Are you worried about Ivan Nova‘s rough spring? In one way, it’s easy to write off his poor performance. We can turn to some pretty gruesome spring trainings that meant absolutely nothing. After all, in the spring of 2009 Zack Greinke had an ERA of nearly 10; he won the AL Cy Young Award that season. Cliff Lee had a 5.68 ERA in the spring of 2008, and he had been demoted for poor performance in 2007, yet he produced a magnificent Cy Young season. In that way, it’s not too concerning to see Nova’s 8.06 ERA this spring.
Yet there’s something peculiar about the way Nova has performed this spring. Read accounts of his games, and you’ll see one term repeated frequently: not sharp. It wasn’t exactly a control thing; he walked only three batters in 22.1 innings. But he just wasn’t locating his pitches as he did last season. He wasn’t getting ground balls, which are key to his game. And he was leaving plenty of mistakes over the plate, as his team-leading five home runs suggests. Does that do anything to raise the level of concern?
It’s easy to forget how Nova ended last season. After surrendering a pair of solo homers in the first inning of ALDS Game 5, Nova mysteriously did not come out for the second. It was later revealed that he suffered an injury to the flexor tendon in his forearm, which is never something you want to hear. But he had the whole winter to rest and rehab, and it wasn’t long before the Yankees declared him healthy and ready to go. All seemed well. That is, until he got knocked around this spring.
This isn’t to throw up alarms and declare Nova injured. For all we know he could do the same thing that Greinke did in 2009, that Lee did in 2008, and completely shed a rough spring. But there has to be some worry that the injury continues to affect him. Maybe it’s not at risk for further damage, but maybe it throws him off enough that he’s not effective. That could hamper the Yankees to start the season. It’s also exactly why they assembled so much depth.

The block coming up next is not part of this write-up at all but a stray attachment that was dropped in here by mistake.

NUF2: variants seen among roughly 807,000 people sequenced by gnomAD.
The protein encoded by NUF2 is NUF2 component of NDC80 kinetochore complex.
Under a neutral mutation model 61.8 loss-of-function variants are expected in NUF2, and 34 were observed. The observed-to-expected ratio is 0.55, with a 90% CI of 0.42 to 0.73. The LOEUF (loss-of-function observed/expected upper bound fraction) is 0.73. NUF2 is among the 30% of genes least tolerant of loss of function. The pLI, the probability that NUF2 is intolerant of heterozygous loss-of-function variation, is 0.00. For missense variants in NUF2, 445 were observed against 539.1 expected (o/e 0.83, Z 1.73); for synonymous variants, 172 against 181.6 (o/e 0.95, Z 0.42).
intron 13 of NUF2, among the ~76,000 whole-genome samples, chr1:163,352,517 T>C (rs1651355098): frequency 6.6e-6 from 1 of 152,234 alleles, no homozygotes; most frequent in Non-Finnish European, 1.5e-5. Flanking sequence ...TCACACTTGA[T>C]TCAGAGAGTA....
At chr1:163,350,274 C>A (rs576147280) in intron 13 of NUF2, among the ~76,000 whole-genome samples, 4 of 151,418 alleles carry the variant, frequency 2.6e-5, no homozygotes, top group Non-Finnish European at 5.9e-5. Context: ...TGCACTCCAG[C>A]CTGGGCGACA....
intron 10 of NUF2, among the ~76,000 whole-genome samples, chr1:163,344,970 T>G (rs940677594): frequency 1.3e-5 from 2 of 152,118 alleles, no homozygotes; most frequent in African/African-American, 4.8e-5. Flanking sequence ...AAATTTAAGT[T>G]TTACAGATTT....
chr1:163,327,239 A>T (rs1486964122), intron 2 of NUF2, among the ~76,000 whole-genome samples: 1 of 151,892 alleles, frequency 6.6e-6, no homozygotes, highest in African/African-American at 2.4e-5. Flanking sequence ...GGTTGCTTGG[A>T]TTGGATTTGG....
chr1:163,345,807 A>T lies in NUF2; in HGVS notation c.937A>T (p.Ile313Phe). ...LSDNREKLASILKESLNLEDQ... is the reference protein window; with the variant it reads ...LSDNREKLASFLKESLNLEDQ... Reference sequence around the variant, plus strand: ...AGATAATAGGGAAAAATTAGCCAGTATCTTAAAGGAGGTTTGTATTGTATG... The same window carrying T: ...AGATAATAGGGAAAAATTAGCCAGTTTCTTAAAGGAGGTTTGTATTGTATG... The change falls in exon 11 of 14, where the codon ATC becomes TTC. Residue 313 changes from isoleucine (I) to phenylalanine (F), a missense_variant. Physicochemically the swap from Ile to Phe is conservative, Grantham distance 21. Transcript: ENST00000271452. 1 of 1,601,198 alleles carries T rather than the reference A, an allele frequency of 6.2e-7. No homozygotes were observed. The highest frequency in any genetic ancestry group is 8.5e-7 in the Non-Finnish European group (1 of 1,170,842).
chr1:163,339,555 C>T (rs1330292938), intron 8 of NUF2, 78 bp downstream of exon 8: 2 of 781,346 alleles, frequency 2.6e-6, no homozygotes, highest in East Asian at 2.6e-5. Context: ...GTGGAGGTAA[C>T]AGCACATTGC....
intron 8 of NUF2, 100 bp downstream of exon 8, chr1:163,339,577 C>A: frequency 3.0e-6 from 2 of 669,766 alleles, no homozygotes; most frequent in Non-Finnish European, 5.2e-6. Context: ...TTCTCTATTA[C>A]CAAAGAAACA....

When Michael Pineda went down it was a big deal, but only because he represents such a big part of their future. Thankfully, the Yankees were prepared for such an occurrence. While having six starters for five spots was deemed a competition, it was as much insurance as anything. Pitchers get hurt, so having six for five spots is almost a necessity for a contending team. The Yankees suffered an injury, and were able to cover it up with their depth. If something is wrong with Nova and he’s not able to pitch effectively, they’ll again have to dip into their depth.
Thankfully, the Yankees do have some options that they can use in Nova’s place should worse come to worst. David Phelps has already made the big league club in the bullpen, and if Nova falters from the start they could slide him into the rotation. They also have Adam Warren and D.J. Mitchell in AAA, if they’d rather use someone who is already stretched out. Chances are none of those guys will step in and immediately replicate Nova’s production. But they certainly represent better options than we’ve seen in the past. That is to say, there’s no Sidney Ponson on the horizon if the pitching staff suffers another injury or bout of ineffectiveness.
Nova’s poor spring performance might be nothing. It might have been him pressing himself a bit too much. It might been him making certain necessary adjustments. It might have been one of those spring flukes we see nearly every year. But there is a possibility that something is not right with Nova, and that it will hurt his effectiveness from the get-go. If that is the case — and, again, it’s just a what-if scenario — the Yankees do have the depth to cover him. It might not be ideal, but it’s there. That’s why there’s never a problem in having seven guys for five spots. Something always comes up to mess up the best-case scenario.